What do burying beetles have in common with humans? Older males are better fathers to their offspring, according to a new study.
A study conducted by researchers at the University of Exeter found that older male burying beetles, who were less likely to reproduce again, spent more time with their offspring than younger beetles.
The study went on to determine how much paternity had to do with the amont of time spent with beetle offspring; younger beetles who mated with a female burying beetle in an area that smelled of other males were less sure of the offspring's lineage, and as such, were more ambivalent to their young. Older males continued to look after their young -- doing things like feeding their begging "kids" -- even when they weren't sure they were the father.
"If their chances of reproducing again were high, we found that males had to make a trade-off between the likelihood of paternity and the level of paternal care they would give," Dr. Megan Head of the University of Exeter said in a press release. "We found that younger males who were uncertain of their paternity were likely to make the worst fathers."
"Our research ... may also be applicable to humans, since research across a wide range of species shows that males can and do adjust how much care they provide young in response to the likelihood of those young being their own," Head told the Huffington Post. "However, caution is always needed when extrapolating results across species.
"While humans and burying beetles do have a lot in common when it comes to parental care there are also many differences," she continued. "Humans have much stronger social bonds where young often stick around to help raise siblings, whereas in burying beetles, young disperse as soon as they can fend for themselves. These are just some of the things that are likely to contribute to the costs and benefits of males caring for young and thus whether and how paternal care evolves."
That being said, we couldn't help but notice the same phenomenon in the insect world has been observed among humans as well -- particularly that older males made better dads.
A Time article earlier this year noted that older dads are less likely to get angry and fly off the handle, thanks to a 1 percent decrease in testosterone rates. Older dads are more likely to be financially stable than younger dads, and able to spend more time with their children as a result. Older dads who have children later could lenghten their children's lives: Aging men's sperm "develops DNA code that favors a longer life -- a trait he then passes to his children," the BBC reported last year.
However there are health concerns associated with older (human) fathers. Older fathers pass on more genetic mutations to their offspring than younger dads, which reportedly leads to more instances of schizophrenia and autism, numerous outlets reported last year. And older dads are more likely to have autistic grandchildren.
But just as Huffington Post blogger Len Filppu put it in his post "What Time's Article On Older Dad's Did Not Report":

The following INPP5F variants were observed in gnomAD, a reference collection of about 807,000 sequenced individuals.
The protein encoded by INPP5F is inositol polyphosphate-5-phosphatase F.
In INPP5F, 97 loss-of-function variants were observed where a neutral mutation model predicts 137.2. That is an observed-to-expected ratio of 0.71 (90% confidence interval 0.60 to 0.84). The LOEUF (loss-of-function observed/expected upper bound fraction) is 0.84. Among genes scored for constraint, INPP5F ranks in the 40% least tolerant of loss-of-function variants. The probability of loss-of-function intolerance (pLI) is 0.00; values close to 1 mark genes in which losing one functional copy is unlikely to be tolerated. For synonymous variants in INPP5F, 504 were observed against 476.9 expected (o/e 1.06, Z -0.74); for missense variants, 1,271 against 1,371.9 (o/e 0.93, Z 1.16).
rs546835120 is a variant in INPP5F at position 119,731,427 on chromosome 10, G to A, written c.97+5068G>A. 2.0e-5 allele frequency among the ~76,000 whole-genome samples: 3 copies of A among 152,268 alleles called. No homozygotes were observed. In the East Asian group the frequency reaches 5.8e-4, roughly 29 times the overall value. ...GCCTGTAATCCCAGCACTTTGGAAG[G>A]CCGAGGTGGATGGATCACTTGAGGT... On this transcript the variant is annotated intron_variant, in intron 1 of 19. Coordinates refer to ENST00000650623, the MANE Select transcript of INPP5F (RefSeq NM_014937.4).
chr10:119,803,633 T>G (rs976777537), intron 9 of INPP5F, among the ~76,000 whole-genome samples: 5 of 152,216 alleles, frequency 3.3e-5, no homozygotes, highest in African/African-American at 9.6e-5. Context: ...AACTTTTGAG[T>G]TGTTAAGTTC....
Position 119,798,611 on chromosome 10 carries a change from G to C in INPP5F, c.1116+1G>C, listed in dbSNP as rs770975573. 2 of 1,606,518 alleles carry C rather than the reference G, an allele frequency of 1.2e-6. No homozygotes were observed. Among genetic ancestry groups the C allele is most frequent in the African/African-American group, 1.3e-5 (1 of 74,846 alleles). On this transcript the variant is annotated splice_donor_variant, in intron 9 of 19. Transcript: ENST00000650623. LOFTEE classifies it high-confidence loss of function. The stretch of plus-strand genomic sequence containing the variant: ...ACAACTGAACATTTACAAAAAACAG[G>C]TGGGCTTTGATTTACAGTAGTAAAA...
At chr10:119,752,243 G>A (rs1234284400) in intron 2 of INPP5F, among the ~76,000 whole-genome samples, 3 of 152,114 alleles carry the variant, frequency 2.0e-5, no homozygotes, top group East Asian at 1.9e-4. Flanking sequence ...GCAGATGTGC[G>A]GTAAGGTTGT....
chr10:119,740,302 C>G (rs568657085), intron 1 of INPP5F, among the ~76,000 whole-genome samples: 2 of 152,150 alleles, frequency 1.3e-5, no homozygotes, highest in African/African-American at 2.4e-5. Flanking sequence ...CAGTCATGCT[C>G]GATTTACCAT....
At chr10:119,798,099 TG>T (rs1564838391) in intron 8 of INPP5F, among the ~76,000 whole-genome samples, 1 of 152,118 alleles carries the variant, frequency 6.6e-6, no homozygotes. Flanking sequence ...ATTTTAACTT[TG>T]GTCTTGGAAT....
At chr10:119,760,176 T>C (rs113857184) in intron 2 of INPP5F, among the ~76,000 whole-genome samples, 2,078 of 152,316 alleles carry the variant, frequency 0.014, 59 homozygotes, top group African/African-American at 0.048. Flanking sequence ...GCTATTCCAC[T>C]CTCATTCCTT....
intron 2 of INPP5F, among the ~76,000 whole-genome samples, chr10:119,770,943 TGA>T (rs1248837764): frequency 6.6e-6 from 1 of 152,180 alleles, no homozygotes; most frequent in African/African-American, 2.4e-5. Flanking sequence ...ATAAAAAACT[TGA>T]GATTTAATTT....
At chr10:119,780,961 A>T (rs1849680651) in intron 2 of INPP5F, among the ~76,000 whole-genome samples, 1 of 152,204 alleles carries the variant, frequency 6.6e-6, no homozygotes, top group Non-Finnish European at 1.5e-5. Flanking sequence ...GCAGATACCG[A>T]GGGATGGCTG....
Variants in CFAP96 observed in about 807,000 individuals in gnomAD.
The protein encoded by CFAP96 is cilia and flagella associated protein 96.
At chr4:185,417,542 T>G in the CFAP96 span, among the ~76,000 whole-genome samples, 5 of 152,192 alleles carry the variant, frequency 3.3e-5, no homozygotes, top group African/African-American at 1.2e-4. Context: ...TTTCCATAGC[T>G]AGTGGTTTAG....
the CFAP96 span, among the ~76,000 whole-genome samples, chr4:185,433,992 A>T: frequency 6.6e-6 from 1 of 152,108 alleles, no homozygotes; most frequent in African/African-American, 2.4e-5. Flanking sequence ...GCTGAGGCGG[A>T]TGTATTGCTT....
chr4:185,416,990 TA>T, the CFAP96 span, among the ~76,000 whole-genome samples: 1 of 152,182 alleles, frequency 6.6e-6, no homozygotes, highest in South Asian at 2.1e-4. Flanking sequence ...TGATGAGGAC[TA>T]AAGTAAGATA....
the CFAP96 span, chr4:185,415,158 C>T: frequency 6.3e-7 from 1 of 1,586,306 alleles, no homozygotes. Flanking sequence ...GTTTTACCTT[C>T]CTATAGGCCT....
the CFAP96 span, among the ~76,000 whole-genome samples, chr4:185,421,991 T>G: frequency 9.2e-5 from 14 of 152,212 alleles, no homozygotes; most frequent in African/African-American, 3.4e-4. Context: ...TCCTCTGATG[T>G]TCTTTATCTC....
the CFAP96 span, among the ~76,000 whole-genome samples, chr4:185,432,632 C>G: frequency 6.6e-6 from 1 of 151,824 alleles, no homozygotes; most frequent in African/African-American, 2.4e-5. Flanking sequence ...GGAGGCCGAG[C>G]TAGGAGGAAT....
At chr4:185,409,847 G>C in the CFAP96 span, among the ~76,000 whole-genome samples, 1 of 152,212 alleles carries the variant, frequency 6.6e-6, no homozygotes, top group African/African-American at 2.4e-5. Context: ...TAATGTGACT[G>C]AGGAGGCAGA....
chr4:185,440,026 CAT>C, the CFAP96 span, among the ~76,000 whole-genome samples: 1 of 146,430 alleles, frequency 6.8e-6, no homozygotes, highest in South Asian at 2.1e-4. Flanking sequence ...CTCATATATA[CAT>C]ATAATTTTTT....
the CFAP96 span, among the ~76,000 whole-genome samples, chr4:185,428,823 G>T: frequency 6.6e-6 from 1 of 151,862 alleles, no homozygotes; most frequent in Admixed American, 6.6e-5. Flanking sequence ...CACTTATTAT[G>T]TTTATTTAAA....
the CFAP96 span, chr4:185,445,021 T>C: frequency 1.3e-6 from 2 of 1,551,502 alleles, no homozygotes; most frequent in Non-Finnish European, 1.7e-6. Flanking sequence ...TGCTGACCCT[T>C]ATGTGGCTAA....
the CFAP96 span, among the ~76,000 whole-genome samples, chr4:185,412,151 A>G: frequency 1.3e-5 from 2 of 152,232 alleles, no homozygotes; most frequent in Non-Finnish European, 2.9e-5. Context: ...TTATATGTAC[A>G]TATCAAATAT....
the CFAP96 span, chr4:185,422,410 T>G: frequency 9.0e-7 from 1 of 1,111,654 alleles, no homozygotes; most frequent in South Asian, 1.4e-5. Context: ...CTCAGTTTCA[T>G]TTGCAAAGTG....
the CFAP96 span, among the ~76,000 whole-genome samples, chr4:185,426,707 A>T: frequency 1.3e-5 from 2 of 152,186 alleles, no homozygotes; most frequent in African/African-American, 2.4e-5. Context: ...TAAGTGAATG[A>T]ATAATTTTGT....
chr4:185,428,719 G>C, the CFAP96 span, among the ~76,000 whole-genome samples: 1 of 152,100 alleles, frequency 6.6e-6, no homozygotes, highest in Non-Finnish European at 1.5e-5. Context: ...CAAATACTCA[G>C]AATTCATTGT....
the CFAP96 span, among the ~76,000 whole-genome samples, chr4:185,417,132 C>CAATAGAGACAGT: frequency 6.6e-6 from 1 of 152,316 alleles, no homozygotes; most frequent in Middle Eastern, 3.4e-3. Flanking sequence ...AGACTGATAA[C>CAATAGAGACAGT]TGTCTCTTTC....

"Later in life fatherhood is not for everyone, and it's becoming apparent there may be increased risks. But for the men and woman who choose or face this potentiality, there is rich treasure to be mined."
Interestingly enough, in beetles, the offspring's performance was about the same no matter what the age of the beetle father. That's because "when the father stopped pulling his weight, the mother took up the slack and provided the additional care necessary to produce successful offspring," according to the press release for the Exeter study.
Earlier on Huff/Post50:
Spice It Up
Rather than opting for the expected dinner out, try staying in and cooking your own meal together. First time meeting your date? Check out local cooking classes in your area rather than opening up your home to a stranger.
Root For The Home Team
A shared interest is always a good place to start. Sporting events, such as a baseball game, deliver a more relaxed environment that allows you to talk without the risk of disturbing others or mis-gauging your "inside voice". The 3-hour-or-so time frame of most baseball games give you the option to leave early--or stay longer--depending on how the date goes.
Pack A Picnic Basket
An increasingly popular option, this date has all the makings of grabbing a bite to eat while simultaneously enjoying the outdoors. Branch out from the park and consider other scenic locations such as the beach or nearby a lake. Divvy up menu items or make a quick stop to the grocery store to shop together before picnicking.
Map The Stars
This is a lovely night-date alternative to a movie, which often leads to a lack of conversation and uncomfortable shuffling in the seats. Instead, head to your local observatory, or drive 15-20 minutes out of town to avoid light pollution. Pack hot beverages and a blanket, and you're good to go.
Sip On Shiraz
Wine tastings and wineries allow for a setting that is informal yet informative (and stocked with liquid courage). Such dates could also easily be turned into a group activity for those who would feel more comfortable with an outing involving more than just a plus one.
Checking out a genre of music you both enjoy has endless posibilites, from sold-out stadiums to smaller venues, to outdoor concerts and local shows in the park. Plus if the date isn't a hit, at least you got see that band while they were in town.
Look up new exhibits or gallery openings in your area. Discussing various pieces will stomp out awkward silences, while hearing your date's perspectives and opinions will offer starting points for deeper conversation.